What did Jesus mean?

Instead of a mandate for cultural conquest, Jesus’s words here simply instructed his disciples to “Go!” – a directive rooted in humility and openness to diverse ways of knowing and being. In fact, it was mentioned that the translation of the original language is more like ‘keep going’ or ‘as you’re already going.’ Jesus is saying, as you ‘go along your way,’ with the power of my very Spirit, be heralds of this Good News.

One of the most compelling talks at the conference was given by Reverend Mia McClain, where she asked these questions:

“Have you ever had your ‘knowingness’ interrogated? Your ways of knowing? Have you had your ‘knowingness’ invalidated and looked down upon? Has anyone ever insinuated that the way you know your God, name your God, ideate your God is improper without ‘proper citation?’ Because you don’t perform your knowing of God in the way they perform theirs? Because it wasn’t their way of knowing God, it wasn’t with their sources, it didn’t have enough of their epistemology and their white European theology?”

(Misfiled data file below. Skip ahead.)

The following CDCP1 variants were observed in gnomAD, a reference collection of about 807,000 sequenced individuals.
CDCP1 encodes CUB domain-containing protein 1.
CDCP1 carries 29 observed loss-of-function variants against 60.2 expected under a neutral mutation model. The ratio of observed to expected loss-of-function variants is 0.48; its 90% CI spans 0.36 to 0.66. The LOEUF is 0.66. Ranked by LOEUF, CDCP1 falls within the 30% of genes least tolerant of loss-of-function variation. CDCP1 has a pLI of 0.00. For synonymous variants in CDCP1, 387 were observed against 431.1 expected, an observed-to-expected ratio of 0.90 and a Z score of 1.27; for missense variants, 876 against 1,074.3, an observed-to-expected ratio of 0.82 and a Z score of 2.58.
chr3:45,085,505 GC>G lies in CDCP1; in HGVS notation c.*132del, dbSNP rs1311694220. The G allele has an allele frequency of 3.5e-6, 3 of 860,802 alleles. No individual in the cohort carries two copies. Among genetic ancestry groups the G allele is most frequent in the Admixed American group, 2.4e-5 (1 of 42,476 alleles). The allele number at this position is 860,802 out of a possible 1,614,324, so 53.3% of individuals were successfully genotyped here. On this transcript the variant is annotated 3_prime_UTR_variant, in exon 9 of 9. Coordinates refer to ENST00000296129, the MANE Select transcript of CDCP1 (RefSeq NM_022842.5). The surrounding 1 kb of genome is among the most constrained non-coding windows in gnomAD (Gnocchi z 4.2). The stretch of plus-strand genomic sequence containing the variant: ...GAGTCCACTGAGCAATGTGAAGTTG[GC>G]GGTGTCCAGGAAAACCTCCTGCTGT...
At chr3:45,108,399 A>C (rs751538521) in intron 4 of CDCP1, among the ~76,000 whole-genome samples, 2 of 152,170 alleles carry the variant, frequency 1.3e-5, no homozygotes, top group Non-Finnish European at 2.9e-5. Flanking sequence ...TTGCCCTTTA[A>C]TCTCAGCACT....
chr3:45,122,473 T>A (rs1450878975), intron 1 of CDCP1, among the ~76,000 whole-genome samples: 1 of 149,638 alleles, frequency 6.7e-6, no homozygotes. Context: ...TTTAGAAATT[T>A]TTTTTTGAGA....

Reverend Mia McClain, Senior Pastor of Riverside Baptist Church in Washington, D.C.

She continued:

“Jesus doesn’t say to invalidate anyone else’s ‘knowingness’ as you are going along your way. His teachings were not about controlling those they came in contact with. At the core of the colonial project that is Christian missionary work is a deep distrust and disregard for ways of knowing the divine that are outside of the dominant culture’s understanding. The Great Commission was an assault on others’ ways of knowing, such as Indigenous Peoples and enslaved Africans. It had been corrupted and became dangerous.”